— Photo by Sarita Relis
Already at least 10 lawsuits have been filed in Ventura, Santa Barbara and Los Angeles in the wake of recent disasters and a flood of more are expected aimed at Southern California Edison, said an attorney who specializes in fire insurance Jan. 16.
The discussion was part of a series at Impact Hub, 1117 State St., to help businesses and residents with their insurance policies after the fire and mudslide. A similar discussion is planned for 6 p.m. Jan. 23.
Gerald Singleton spoke to some South Coast business owners and other attorneys with the California Fire Lawyers group to discuss the ramifications of the Thomas fire and Montecito mudslide.
“I talked to a client who said it looked like an (electrical) transformer blew” and ignited the fire at one point, Singleton said. “We know Edison was involved, but won’t know (exactly how) until after the inspection.”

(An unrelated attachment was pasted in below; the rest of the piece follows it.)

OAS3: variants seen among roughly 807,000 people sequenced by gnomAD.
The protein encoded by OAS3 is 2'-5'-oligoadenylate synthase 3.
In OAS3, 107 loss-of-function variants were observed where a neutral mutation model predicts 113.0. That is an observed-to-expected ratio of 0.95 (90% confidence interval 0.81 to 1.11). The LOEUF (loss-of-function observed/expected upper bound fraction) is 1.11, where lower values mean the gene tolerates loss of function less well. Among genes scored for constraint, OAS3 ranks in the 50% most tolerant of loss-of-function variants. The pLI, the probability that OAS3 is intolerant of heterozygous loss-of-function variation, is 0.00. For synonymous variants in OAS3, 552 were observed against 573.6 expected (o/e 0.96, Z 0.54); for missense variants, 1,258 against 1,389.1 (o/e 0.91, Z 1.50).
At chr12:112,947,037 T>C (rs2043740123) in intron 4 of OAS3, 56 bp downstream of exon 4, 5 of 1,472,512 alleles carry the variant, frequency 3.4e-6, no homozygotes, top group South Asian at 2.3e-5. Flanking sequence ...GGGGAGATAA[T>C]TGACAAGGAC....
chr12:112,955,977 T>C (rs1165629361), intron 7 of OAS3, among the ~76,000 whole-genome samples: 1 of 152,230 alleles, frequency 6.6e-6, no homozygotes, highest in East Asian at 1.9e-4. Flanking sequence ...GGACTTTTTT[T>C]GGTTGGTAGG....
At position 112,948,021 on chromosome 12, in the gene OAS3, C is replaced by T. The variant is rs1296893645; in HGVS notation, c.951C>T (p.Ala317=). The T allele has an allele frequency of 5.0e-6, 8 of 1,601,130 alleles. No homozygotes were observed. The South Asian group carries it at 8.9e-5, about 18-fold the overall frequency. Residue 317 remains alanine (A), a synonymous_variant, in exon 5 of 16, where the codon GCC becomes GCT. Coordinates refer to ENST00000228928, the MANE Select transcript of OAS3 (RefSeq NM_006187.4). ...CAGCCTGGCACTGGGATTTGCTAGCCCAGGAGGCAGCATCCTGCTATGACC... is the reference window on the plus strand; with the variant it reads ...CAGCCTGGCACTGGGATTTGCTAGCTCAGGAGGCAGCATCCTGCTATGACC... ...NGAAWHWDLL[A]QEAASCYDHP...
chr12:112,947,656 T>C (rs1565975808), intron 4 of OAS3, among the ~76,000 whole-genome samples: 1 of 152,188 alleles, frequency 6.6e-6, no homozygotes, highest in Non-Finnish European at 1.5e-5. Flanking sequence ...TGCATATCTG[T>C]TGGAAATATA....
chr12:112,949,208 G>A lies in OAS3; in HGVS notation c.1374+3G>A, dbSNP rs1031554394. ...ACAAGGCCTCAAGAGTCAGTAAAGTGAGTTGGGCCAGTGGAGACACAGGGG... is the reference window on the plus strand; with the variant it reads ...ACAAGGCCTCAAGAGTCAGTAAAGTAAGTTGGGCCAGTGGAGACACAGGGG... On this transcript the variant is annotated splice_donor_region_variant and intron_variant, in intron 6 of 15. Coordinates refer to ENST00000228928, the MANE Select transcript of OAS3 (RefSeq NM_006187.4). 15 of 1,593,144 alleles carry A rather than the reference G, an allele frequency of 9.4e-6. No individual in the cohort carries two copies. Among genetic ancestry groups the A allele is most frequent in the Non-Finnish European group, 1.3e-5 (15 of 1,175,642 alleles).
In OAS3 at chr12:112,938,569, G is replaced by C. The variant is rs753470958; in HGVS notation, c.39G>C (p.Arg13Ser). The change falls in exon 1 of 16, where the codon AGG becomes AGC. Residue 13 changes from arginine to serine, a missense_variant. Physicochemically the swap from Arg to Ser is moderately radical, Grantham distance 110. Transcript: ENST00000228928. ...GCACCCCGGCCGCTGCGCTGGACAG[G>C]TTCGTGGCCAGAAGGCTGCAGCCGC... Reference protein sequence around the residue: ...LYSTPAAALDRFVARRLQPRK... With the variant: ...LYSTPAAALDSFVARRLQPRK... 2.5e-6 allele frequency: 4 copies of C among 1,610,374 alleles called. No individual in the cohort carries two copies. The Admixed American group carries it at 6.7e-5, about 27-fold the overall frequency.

He said it appears some arcing power lines were also to blame for the fire, which apparently started at two locations around Santa Paula.
The area was declared a crime scene, the investigation process will take four to six months and it will cost $1 million to prove liability, he said.
“The flood was caused by the fire” because the inferno denuded the hills above Montecito and a heavy rain storm brought water, mud and debris down the hills where scores of homes were destroyed or damaged.
Singleton said, “It’s not so much the amount of rain that fell, but how fast it comes.” More than half an inch of rain reportedly fell in five minutes in the wee hours of Jan. 9.
One of the attorneys present Jan. 16, Alicia Journey, had to evacuate her family twice because of the fire and mudslide. She found her demolished car on the beach the morning after the flood and lost her house.
Typically, after a year, the utility might settle or go to court, Singleton said.
Another attendee Jan. 16, Kristina Cydzik, said recovery in the area will take from five to 10 years. “For the next several years, we will have to pay a lot of attention to the weather forecast,” she said.
The county is trying to excavate debris basins now, she said. “Hiking is very dangerous because of rockslides,” Cydzik said.